Over the past few decades, for a number of reasons “Biblical Archaeology” has fallen out of favor in the academy. One of those reasons, very much a charicature of the best of the field, was the perception that its practitioners were out to “prove the Bible.” Undoubtedly there were secondary and tertiary applications of the findings of Biblical Archaeology, usually tied to confessional interests, which abused the data, indeed claiming them to have proved the Bible correct in various ways.
Here is how G. Ernest Wright, one of the most eminent of the proponents of Biblical Archaeology defined the field in the beginning of his book on the subject:
Biblical archaeology is a special “armchair” variety of general archaeology. The biblical archaeologist may or may not be an excavator himself, but he studies the discoveries of the excavations in order to glean from them every fact that throws a direct, indirect or even diffused light upon the Bible. He must be intelligently concerned with stratigraphy and typology, upon which the methodology of modern archaeology rests and of which more will be said later in this chapter. Yet his chief concern is not with methods or pots or weapons in themselves alone. His central and absorbing interest is the understanding and exposition of the Scriptures.
Biblical Archaeology (Westminster Press, 1962), 17.
Interestingly, Wright describes Biblical Archaeology as a tool of exegesis, yet one rooted in realia rather than literary theory. Of course, much modern Biblical criticism regards the Biblical texts as wholly fictional, tendentious, and lacking in all connection to realia, so to draw on archaeology for illuminating realia as Wright describes above is, in such perspectives, not merely misleading, but impossible. Such a severe disjunction is, however, extreme and unwarranted. The Bible is a document originating in the ancient Near East, in a particular territory, and describes various people, places, and events in that territory and others. And while various items of realia, the remains of cities, and so on do indeed support numerous elements of the Biblical narratives, to take those direct and indirect corroborations and illuminations and state that the entire Bible is thereby “proved” by them, is certainly a stretch. Wright also deals with this abuse:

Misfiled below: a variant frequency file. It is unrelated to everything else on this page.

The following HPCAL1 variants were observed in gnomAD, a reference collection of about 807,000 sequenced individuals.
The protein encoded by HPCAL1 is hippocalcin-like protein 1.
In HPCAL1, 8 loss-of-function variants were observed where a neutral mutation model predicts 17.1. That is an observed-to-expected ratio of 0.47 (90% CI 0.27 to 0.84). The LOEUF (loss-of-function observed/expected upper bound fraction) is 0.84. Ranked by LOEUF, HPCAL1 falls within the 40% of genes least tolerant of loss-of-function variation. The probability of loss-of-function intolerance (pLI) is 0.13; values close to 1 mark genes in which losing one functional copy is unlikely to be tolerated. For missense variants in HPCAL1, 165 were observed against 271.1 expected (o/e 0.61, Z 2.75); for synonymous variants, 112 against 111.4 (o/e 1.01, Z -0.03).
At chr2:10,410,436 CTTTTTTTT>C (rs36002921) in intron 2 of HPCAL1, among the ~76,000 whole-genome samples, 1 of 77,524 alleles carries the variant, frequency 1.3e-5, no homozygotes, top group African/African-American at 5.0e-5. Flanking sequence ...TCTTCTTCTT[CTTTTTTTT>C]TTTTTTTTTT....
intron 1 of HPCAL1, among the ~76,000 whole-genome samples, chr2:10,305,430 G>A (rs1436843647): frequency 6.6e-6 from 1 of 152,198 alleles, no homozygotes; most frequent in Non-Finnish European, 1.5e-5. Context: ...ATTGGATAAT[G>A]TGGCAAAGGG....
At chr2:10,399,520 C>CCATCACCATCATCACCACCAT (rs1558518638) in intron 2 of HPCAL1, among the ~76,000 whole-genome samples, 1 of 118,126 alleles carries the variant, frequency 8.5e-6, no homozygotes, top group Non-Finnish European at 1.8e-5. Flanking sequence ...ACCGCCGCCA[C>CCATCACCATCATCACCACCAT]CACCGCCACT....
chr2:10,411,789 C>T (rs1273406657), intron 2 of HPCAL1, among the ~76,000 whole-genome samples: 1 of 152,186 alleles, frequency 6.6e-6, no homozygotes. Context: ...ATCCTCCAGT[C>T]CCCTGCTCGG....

In this perspective the biblical scholar no longer bothers to ask whether archaeology “proves” the Bible. In the sense that the biblical languages, the life and customs of its peoples, its history, and its conceptions are illuminated in innumerable ways by the archaeological discoveries, he knows that such a question is certainly to be answered in the affirmative. No longer does this literature project from the chaos of prehistory “as though it were a monstrous fossil, with no contemporary evidence to demonstrate its authenticity.” Yet the scholar also knows that the primary purpose of biblical archaeology is not to “prove” but to discover. The vast majority of the “finds” neither prove nor disprove; they fill in the background and give the setting for the story. It is unfortunate that this desire to “prove” the Bible has vitiated so many works which are available to the average reader. The evidence has been misused, and the inferences drawn from it are so often misleading, mistaken, or half true. Our ultimate aim must not be “proof,” but truth. We must study the history of the Chosen People in exactly the same way as we do that of any other people, running the risk of destroying the uniqueness of that history. Unless we are willing to run that risk, truth can never be ours.
Biblical Archaeology, 27.
That’s a very enlightening passage, which puts into relief much modern vituperation against Biblical Archaeology, complaints about “Albrightian” approaches, and so on. Wright was well aware, as was Albright, that the data were being misused by some unscrupulous authors in order to “prove the Bible.” To lump Albright, Wright, et alia, and Biblical Archaeology proper together with such misuse is either misinformed or dishonest. Biblical Archaeology itself, properly understood as defined in the first quote above from Wright, is a perfectly legitimate practice.